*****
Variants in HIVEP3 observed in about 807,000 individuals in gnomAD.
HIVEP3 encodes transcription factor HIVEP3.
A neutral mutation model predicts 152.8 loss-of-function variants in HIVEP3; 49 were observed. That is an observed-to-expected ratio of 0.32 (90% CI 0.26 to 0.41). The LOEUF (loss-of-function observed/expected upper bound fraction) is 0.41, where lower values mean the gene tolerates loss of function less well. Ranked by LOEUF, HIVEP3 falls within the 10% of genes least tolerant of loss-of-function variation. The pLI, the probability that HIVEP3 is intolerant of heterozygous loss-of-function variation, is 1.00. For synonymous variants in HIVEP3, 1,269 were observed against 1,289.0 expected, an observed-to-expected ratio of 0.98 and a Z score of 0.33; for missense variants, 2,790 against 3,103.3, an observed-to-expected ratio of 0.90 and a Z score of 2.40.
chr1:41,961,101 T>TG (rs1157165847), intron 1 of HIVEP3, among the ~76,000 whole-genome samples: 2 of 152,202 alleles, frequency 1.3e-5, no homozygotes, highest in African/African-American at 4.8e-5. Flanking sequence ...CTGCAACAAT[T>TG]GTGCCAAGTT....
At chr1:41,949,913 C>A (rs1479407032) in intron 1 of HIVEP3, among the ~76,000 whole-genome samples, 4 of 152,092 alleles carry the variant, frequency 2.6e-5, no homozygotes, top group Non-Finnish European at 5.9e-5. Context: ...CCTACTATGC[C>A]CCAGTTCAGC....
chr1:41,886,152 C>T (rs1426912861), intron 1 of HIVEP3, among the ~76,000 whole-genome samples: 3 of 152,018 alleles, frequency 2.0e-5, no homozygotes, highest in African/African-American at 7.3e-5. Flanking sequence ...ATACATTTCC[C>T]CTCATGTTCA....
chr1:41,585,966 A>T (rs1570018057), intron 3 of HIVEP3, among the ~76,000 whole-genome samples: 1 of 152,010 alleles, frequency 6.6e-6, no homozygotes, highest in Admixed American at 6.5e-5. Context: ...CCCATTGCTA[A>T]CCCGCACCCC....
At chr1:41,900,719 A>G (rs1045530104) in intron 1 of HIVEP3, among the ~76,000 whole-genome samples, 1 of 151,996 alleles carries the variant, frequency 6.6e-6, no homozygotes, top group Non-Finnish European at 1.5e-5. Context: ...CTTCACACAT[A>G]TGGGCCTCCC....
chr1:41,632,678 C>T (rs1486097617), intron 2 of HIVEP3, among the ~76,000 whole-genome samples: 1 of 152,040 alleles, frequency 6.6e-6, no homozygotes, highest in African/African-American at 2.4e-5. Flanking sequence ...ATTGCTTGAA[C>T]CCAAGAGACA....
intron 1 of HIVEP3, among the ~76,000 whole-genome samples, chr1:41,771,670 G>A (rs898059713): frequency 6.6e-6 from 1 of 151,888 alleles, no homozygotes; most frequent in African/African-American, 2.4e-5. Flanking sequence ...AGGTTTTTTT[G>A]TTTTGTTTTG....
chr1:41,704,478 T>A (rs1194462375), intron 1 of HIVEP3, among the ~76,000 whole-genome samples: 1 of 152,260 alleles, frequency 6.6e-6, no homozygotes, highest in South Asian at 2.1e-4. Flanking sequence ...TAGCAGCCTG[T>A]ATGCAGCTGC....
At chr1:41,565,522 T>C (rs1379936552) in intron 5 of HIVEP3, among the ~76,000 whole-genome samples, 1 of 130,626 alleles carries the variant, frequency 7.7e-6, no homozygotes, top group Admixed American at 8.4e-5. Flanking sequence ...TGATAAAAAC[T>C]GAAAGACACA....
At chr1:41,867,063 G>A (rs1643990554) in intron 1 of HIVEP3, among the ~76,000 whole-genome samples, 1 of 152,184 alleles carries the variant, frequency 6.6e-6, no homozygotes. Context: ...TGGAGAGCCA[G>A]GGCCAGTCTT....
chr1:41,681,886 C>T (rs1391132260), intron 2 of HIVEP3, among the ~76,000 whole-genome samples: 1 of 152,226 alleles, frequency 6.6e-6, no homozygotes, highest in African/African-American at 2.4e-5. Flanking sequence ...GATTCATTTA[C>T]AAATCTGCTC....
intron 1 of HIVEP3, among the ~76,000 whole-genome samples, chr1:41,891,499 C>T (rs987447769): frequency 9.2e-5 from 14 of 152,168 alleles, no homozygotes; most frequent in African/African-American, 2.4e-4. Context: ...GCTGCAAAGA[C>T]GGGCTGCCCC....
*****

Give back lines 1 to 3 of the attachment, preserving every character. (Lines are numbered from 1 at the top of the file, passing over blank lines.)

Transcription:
Variants in HIVEP3 observed in about 807,000 individuals in gnomAD.
HIVEP3 encodes transcription factor HIVEP3.
A neutral mutation model predicts 152.8 loss-of-function variants in HIVEP3; 49 were observed. That is an observed-to-expected ratio of 0.32 (90% CI 0.26 to 0.41). The LOEUF (loss-of-function observed/expected upper bound fraction) is 0.41, where lower values mean the gene tolerates loss of function less well. Ranked by LOEUF, HIVEP3 falls within the 10% of genes least tolerant of loss-of-function variation. The pLI, the probability that HIVEP3 is intolerant of heterozygous loss-of-function variation, is 1.00. For synonymous variants in HIVEP3, 1,269 were observed against 1,289.0 expected, an observed-to-expected ratio of 0.98 and a Z score of 0.33; for missense variants, 2,790 against 3,103.3, an observed-to-expected ratio of 0.90 and a Z score of 2.40.